Since leaving my corporate cube to stay home with the 4 year old, hours each day, are spent in the kitchen. Preparing and eating breakfast, lunch, snacks and dinners make up a big chunk of the day. And while I’m in the kitchen, the radio is nearly always on.
Sometime, I like having it on for just background noise but most of the time, I do listen. I flip between two local Seattle stations; KEXP and KUOW so I can “rock” when feel the itch or catch up on the news of the day. We don’t watch TV news and only receive a newspaper on Sunday so during the week, the radio is a main source of information about the outside world.
That is definitely not the ideal but it does present some interesting perspective. Last summer, I listened to (parts of) both the Democratic and Republican conventions via the radio. And I listened to both presidential debates by radio. Made me recall reading about the Nixon vs Kennedy first TV debate where those who listened to the radio picked Tricky Dickie as the winner but those who watched on TV favored Kennedy. Radio news does seem to give a different ‘experience’ versus watching cable news. Definitely less ego, shouting and showmanship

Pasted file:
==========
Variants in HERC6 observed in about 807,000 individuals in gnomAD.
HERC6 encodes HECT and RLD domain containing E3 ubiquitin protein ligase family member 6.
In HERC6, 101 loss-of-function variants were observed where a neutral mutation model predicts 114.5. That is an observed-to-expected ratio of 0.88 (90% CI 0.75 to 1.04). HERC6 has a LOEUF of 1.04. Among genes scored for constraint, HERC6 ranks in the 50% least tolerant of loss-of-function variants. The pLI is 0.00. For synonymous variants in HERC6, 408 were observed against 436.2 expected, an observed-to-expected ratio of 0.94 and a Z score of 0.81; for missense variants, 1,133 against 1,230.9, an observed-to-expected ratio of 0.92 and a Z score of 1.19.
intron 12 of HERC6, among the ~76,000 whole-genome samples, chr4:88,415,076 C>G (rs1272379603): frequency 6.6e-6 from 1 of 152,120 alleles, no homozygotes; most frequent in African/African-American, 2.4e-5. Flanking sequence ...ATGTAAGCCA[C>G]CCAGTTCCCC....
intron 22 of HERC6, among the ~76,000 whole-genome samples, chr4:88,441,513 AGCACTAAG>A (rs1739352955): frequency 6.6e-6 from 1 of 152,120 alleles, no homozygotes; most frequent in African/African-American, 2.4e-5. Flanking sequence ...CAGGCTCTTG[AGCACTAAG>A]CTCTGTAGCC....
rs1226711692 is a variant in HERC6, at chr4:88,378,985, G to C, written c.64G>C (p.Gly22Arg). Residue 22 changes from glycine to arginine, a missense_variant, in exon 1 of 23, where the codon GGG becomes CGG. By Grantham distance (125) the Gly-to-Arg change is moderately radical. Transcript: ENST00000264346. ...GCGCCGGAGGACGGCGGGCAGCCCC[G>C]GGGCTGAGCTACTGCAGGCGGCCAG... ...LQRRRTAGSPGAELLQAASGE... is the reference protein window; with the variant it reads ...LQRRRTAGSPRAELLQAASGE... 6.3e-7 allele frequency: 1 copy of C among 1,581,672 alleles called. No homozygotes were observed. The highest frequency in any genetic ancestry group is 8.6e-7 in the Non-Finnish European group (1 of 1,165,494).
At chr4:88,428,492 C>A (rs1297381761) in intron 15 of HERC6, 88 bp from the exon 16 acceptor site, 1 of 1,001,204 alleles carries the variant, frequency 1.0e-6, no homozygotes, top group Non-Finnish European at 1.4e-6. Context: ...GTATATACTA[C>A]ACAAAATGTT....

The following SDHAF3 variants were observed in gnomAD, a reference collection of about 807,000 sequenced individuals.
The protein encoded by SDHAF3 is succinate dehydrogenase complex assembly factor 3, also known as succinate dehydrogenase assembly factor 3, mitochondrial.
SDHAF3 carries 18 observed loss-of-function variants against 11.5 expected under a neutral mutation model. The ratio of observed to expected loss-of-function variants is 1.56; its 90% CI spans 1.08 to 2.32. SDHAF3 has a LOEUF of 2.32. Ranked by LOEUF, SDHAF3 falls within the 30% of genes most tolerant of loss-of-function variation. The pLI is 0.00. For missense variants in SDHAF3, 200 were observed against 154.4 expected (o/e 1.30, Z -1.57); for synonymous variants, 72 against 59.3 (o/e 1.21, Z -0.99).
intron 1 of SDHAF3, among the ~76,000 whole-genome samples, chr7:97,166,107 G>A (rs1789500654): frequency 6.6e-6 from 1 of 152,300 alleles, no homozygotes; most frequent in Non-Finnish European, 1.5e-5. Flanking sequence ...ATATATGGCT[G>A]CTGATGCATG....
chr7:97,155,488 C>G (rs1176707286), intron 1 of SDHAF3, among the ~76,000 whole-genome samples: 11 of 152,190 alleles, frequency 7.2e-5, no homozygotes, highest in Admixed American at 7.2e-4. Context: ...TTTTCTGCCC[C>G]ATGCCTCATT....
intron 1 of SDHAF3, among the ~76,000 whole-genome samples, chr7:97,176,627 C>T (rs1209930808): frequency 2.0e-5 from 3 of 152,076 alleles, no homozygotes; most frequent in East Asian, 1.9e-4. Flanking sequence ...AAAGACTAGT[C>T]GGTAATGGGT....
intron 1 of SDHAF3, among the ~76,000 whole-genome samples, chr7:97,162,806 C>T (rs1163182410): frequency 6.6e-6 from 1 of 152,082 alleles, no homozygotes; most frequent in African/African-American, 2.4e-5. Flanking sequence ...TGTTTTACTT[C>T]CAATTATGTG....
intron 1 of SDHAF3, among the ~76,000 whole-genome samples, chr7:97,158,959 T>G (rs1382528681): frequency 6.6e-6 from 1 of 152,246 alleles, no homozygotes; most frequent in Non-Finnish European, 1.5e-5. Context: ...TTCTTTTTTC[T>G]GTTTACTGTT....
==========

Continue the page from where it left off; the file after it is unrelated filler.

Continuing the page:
One of the advantages of listening to the radio so much, that I didn’t realize before having a toddler in the house, is the educational benefit for a child. Even when it appears he isn’t listening, he absorbs so many new words every single day. And often this expanded vocabulary revels itself in questions. “What is..?”
Just in the past few days I’ve heard, “what is….
These questions present excellent opportunities for us to chat about their meaning and how they relate to our lives. “Weather” is a good example, since we talk about it often, in the day or two before we go skiing at Stevens Pass.
But the downside of hearing all these new words is trying to explain the tough ones. How do you explain:
- Falling Interest Rates
- Is hydraulic fracturing safe
- John Boehner
- The Iron Lady
With the political terms, I try very hard to deliver a neutral explanation but it isn’t always easy. Today, Margaret Thatcher died and after living and studying in Northern England during her “reign”, the first thing that popped into my mind was Mr. Costello’s song “Tramp the dirt down”. Maggie wasn’t not very popular around Leeds Uni.
But instead of sharing stories with Will about how the majority of my English classmates loathed her, I keep the answer simple enough for a 4 year to understand.